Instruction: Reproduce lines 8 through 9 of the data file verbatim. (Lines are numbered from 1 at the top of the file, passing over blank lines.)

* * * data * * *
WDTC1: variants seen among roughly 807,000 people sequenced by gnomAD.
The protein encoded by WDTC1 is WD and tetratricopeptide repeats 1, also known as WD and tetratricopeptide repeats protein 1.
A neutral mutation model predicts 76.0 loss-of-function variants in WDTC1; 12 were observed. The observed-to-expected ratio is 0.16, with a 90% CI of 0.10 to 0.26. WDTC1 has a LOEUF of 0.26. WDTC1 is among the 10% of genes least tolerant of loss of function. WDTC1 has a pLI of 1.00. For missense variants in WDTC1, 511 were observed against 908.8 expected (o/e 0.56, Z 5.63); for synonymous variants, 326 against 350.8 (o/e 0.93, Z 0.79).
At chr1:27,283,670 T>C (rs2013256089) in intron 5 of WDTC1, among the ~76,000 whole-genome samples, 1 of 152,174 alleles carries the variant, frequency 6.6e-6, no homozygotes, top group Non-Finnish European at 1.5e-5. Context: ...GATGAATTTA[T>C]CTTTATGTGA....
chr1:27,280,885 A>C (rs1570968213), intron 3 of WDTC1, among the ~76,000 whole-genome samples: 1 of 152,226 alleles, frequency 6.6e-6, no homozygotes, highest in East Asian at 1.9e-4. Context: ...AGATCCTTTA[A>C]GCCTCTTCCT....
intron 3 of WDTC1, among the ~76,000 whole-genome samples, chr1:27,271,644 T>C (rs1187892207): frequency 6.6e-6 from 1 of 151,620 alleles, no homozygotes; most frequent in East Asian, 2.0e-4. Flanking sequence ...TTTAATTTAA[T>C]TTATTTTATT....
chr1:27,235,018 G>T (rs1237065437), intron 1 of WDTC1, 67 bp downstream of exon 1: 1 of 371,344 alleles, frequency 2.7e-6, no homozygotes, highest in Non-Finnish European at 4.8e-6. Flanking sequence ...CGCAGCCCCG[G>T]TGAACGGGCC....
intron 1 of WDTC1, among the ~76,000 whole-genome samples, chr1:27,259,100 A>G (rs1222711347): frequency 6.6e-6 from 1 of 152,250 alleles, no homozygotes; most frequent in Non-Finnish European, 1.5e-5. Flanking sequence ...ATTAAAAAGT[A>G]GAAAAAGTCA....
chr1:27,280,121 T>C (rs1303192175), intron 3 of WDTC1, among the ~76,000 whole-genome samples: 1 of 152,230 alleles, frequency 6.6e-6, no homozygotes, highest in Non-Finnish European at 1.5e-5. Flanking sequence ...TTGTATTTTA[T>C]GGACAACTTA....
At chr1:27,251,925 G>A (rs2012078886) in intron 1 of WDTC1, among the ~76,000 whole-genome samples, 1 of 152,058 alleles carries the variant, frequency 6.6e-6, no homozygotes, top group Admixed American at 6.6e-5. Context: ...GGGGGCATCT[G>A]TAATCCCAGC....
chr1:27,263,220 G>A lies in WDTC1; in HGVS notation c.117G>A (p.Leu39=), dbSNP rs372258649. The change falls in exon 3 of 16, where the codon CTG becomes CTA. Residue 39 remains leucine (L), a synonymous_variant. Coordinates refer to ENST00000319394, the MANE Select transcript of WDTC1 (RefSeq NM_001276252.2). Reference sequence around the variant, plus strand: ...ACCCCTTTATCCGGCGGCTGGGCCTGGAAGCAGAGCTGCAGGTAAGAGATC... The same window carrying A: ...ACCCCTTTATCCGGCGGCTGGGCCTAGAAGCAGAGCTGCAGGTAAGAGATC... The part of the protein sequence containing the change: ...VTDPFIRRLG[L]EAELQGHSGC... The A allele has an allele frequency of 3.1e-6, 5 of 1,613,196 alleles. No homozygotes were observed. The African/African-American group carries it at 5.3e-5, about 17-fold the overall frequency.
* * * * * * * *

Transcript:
intron 1 of WDTC1, among the ~76,000 whole-genome samples, chr1:27,259,100 A>G (rs1222711347): frequency 6.6e-6 from 1 of 152,250 alleles, no homozygotes; most frequent in Non-Finnish European, 1.5e-5. Flanking sequence ...ATTAAAAAGT[A>G]GAAAAAGTCA....
chr1:27,280,121 T>C (rs1303192175), intron 3 of WDTC1, among the ~76,000 whole-genome samples: 1 of 152,230 alleles, frequency 6.6e-6, no homozygotes, highest in Non-Finnish European at 1.5e-5. Flanking sequence ...TTGTATTTTA[T>C]GGACAACTTA....